Wings Over Wetlands (WOW) UNEP-GEF African-Eurasian Flyways Project
The Wings Over Wetlands (WOW) Project is the largest flyway-scale wetland and waterbird conservation initiative ever to take place in the African-Eurasian region. The WOW is a partnership among international conservation organizations and national governments, which aims to improve and conserve healthy and viable populations of African-Eurasian migratory waterbirds. One of the key outcomes of the project will be a new web-based tool (information portal) that will provide better information on migratory waterbirds and their key sites along the African-Eurasian Flyways. The project is being supported by UNEP-GEF (The Global Environment Facility), the Government of Germany and a wide range of other donors and partners. For more information please visit:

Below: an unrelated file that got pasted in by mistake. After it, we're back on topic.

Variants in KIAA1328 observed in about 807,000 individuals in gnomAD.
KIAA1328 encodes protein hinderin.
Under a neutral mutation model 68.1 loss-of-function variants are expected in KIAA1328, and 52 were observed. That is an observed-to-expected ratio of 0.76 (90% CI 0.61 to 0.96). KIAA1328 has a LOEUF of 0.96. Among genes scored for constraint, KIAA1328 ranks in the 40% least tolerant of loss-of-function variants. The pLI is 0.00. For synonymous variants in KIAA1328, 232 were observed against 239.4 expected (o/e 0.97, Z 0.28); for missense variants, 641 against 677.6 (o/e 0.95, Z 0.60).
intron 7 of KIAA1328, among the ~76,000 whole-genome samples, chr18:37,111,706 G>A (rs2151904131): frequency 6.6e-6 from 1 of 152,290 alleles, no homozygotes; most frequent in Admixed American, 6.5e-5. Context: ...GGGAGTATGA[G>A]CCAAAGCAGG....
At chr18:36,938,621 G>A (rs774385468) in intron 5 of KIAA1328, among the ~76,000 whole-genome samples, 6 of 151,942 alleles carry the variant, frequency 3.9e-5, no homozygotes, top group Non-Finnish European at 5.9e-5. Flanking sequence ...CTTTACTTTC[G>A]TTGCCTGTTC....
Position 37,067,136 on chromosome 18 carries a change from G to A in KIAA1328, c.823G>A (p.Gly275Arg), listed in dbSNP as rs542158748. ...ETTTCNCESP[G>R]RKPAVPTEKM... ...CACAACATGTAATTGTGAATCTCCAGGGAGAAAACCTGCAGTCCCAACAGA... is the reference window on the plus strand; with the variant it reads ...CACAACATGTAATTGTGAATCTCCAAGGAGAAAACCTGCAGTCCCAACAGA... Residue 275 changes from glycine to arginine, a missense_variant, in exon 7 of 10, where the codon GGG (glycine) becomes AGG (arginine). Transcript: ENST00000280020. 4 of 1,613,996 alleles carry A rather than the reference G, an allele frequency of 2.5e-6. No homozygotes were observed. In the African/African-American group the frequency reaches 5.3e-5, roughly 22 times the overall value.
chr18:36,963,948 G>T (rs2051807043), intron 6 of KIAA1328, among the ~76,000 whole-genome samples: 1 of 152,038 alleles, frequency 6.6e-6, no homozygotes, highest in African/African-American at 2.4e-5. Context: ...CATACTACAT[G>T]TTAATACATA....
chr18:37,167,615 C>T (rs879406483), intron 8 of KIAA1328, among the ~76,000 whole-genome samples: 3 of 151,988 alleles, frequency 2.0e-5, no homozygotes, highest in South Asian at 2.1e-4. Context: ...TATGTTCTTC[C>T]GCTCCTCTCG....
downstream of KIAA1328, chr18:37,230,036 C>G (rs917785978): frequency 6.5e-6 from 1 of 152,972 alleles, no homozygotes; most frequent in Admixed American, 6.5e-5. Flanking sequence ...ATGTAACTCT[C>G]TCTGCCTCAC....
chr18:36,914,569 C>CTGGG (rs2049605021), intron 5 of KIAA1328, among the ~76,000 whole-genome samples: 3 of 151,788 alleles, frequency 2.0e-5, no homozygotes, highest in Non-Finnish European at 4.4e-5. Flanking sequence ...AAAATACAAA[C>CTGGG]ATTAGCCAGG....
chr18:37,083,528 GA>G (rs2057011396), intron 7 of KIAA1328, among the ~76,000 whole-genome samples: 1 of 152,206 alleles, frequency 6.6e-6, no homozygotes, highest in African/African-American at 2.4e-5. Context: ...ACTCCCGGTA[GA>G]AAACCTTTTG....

Siberian Crane Wetland Project
In order to sustain a network of globally important wetlands in Asia, the Siberian Crane Wetland Project was launched by the international Crane Foundation and funded by the Global Environment Facility. The Siberian crane, used as a flagship species in the project, links 16 project sites in Asia also crucial to other wetland birds and species. The project focuses on ensuring legal protection of the sites, building capacity and allowing participation of local stakeholders. For more information please visit:
The 'Migratory Soaring Birds' project